Read Feed | February 2020

As we get closer to Baby Hall’s arrival and as more people begin social distancing in the midst of the COVID-19 outbreak, I figured it as good a time as any to share the books I read back in February.

All five books I read this month happened to be non-fiction, but ranged widely in topic. (So far, March is helping balance this out pretty well.) As I’ve mentioned before, most of the time this is just based on the order titles become available in Libby, so I just take them as they come!

Here are my ratings and brief thoughts on each of February’s reads:

Catch & Kill: Lies, Spies and a Conspiracy to Protect Predators by Ronan Farrow — 5 out of 5

One of my top books of 2019 was Jodi Kantor & Meg Twoehy’s She Said, which covers the New York Times’ investigation and coverage of the #metoo movement — specifically the Weinstein and Kavanaugh stories. When I began reading it, Zach recommended that I also check out Ronan Farrow’s book so I placed a hold on it. In short, it didn’t disappoint or feel redundant from my previous read because Farrow infused his unique experience and varied interviews, along with his inside take on NBC and the Matt Lauer story. Both books are absolutely worth the read and gave me a deep appreciation for journalists.

Love Warrior by Glennon Doyle — 4 out of 5

I love Glennon and read her first memoir last year after following her for several years on social media. I knew the premise of her second book and remember her sharing the news of her divorce within days of releasing Love Warrior (bold move, no?), along with her announcement of her relationship and eventual marriage to Abby Wambach. It was interesting to listen to this book with that context, but I loved that the book was more about Glennon learning to become, know, and love herself more than anything else. (And it sounds like her brand new book Untamed is a wonderful continuation of that journey! Don’t worry — it’s on my 2020 list.)

The Fourth Trimester: A Postpartum Guide to Healing Your Body, Balancing Your Emotions, and Restoring Your Vitality by Kimberly Ann Johnson — 3 out of 5

This was recommended on a blog or within another book (I can’t remember now) as I’ve been reading to prepare for Baby Hall’s arrival. My biggest takeaway is that I must take the time to prioritize all elements of my health in the coming weeks and months after her birth so that I can be my best self. Some of the author’s methods to go about this are out of my comfort zone, but I still found the book to be a helpful resource and encouragement for the days to come.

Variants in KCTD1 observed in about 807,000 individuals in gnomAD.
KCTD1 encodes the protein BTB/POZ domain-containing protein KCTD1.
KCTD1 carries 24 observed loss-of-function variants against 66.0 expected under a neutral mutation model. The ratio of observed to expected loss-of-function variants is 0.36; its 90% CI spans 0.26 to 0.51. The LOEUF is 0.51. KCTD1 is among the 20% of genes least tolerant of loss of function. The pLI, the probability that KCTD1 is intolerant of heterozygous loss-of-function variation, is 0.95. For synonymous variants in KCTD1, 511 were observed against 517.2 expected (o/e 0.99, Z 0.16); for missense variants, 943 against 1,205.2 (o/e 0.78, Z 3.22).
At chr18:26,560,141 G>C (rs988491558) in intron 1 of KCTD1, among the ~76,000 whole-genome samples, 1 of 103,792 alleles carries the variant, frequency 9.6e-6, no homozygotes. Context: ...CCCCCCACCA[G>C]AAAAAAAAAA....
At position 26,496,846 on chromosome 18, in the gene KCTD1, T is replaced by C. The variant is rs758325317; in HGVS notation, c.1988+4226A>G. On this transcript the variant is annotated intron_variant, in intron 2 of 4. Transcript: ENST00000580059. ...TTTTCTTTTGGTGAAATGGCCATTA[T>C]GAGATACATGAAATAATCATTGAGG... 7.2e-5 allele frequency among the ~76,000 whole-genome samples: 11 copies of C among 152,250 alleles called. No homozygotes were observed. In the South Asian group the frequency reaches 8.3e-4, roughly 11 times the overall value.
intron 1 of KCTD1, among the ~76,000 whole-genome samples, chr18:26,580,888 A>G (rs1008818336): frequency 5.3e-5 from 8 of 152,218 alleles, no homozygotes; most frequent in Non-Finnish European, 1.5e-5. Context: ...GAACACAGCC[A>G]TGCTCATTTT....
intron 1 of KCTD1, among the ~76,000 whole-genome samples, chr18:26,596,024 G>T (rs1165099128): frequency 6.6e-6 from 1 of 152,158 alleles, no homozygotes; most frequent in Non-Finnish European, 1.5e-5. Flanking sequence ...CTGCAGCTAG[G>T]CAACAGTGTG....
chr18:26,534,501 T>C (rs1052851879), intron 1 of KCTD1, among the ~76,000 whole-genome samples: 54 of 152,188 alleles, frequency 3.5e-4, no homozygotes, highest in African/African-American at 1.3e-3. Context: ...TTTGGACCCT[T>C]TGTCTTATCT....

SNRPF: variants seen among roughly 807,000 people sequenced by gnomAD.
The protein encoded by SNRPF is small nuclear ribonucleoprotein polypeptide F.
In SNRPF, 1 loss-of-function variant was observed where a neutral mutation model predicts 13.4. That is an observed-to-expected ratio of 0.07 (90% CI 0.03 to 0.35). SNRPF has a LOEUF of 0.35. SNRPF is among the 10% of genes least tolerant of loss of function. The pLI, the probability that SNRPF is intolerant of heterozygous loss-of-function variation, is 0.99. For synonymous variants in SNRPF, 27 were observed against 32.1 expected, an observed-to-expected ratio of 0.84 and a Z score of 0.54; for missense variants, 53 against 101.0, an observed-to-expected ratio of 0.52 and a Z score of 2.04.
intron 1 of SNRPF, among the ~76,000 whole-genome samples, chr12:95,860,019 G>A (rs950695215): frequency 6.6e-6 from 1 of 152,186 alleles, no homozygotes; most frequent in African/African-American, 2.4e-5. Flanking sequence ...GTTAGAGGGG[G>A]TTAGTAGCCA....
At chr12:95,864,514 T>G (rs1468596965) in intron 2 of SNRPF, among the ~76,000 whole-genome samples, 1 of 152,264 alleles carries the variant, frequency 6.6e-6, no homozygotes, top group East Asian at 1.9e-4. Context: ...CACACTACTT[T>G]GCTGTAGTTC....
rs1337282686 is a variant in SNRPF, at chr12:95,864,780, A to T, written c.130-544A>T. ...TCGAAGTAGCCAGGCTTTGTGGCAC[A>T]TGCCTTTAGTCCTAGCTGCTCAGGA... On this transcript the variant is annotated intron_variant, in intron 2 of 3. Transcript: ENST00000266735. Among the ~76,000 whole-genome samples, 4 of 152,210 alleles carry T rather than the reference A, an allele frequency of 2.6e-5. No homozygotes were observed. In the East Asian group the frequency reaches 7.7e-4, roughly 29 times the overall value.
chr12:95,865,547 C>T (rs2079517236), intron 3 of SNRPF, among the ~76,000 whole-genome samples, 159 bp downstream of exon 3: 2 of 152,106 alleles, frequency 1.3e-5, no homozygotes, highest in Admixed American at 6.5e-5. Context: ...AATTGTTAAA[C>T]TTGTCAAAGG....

Cribsheet: A Data-Driven Guide to Better, More Relaxed Parenting, from Birth to Preschool by Emily Oster — 5 out of 5

Emily’s book on pregnancy gave me such a peace of mind in the first and second trimester, so it was great to have an additional data-based guide for the months ahead with Baby Hall. She hones in on key topics that every new parent asks, and it helped us have the conversations we needed to have ahead of time. I highly recommend both of her books for parents-to-be!

Furious Hours: Murder, Fraud and the Last Trial of Harper Lee by Casey Cep — 4 out of 5

I made a note of this book from several 2019 top lists, including President Obama’s. It was a fascinating telling of the circumstances around a serial murderer and Harper Lee’s incomplete book about the topic. As someone who loves Harper Lee and knows a good deal about her from my time as an English teacher, it was fun to learn something new about her life, while also being blown away by the topic she was covering.

That’s it for February! I’ll do my best to put something together about March reads this week, but with Baby Hall making her debut any day now, it might end up being a March/April combo post in May.

What have you been reading and enjoying lately? I’d love to hear about it!

Leave a Reply

Fill in your details below or click an icon to log in:

WordPress.com Logo

You are commenting using your WordPress.com account. Log Out /  Change )

Google photo

You are commenting using your Google account. Log Out /  Change )

Twitter picture

You are commenting using your Twitter account. Log Out /  Change )

Facebook photo

You are commenting using your Facebook account. Log Out /  Change )

Connecting to %s